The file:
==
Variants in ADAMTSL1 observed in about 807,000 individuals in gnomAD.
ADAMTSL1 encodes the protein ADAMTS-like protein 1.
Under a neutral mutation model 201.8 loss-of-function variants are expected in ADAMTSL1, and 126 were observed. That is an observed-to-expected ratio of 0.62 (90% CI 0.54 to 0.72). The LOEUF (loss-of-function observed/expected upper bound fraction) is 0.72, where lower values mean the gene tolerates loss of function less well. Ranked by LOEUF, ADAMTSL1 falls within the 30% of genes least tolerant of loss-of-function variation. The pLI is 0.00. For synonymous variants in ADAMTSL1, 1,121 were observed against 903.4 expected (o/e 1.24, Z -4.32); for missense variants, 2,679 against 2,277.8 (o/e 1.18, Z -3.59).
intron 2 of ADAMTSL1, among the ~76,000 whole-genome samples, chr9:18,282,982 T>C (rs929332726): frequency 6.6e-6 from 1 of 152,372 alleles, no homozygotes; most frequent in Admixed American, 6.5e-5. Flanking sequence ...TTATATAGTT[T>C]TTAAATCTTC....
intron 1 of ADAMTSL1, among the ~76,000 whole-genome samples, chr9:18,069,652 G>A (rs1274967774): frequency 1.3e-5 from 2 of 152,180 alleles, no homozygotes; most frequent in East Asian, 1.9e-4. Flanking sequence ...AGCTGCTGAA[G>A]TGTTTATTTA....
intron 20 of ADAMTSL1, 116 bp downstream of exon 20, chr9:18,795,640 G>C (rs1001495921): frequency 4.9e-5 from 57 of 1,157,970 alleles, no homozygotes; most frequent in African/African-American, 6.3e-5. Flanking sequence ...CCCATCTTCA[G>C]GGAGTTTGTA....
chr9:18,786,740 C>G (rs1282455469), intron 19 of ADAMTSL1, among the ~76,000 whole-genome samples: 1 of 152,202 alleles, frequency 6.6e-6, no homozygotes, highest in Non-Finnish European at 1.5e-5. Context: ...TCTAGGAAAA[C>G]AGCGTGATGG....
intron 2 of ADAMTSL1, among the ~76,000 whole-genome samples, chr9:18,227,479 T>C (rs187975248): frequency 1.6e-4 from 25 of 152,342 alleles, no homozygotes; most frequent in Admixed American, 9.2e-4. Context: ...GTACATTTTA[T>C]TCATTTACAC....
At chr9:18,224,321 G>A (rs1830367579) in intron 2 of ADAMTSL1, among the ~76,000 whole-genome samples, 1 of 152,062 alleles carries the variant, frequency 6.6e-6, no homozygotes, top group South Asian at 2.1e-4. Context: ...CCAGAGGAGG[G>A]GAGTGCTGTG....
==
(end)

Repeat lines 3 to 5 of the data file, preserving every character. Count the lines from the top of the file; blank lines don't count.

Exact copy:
Under a neutral mutation model 201.8 loss-of-function variants are expected in ADAMTSL1, and 126 were observed. That is an observed-to-expected ratio of 0.62 (90% CI 0.54 to 0.72). The LOEUF (loss-of-function observed/expected upper bound fraction) is 0.72, where lower values mean the gene tolerates loss of function less well. Ranked by LOEUF, ADAMTSL1 falls within the 30% of genes least tolerant of loss-of-function variation. The pLI is 0.00. For synonymous variants in ADAMTSL1, 1,121 were observed against 903.4 expected (o/e 1.24, Z -4.32); for missense variants, 2,679 against 2,277.8 (o/e 1.18, Z -3.59).
intron 2 of ADAMTSL1, among the ~76,000 whole-genome samples, chr9:18,282,982 T>C (rs929332726): frequency 6.6e-6 from 1 of 152,372 alleles, no homozygotes; most frequent in Admixed American, 6.5e-5. Flanking sequence ...TTATATAGTT[T>C]TTAAATCTTC....
intron 1 of ADAMTSL1, among the ~76,000 whole-genome samples, chr9:18,069,652 G>A (rs1274967774): frequency 1.3e-5 from 2 of 152,180 alleles, no homozygotes; most frequent in East Asian, 1.9e-4. Flanking sequence ...AGCTGCTGAA[G>A]TGTTTATTTA....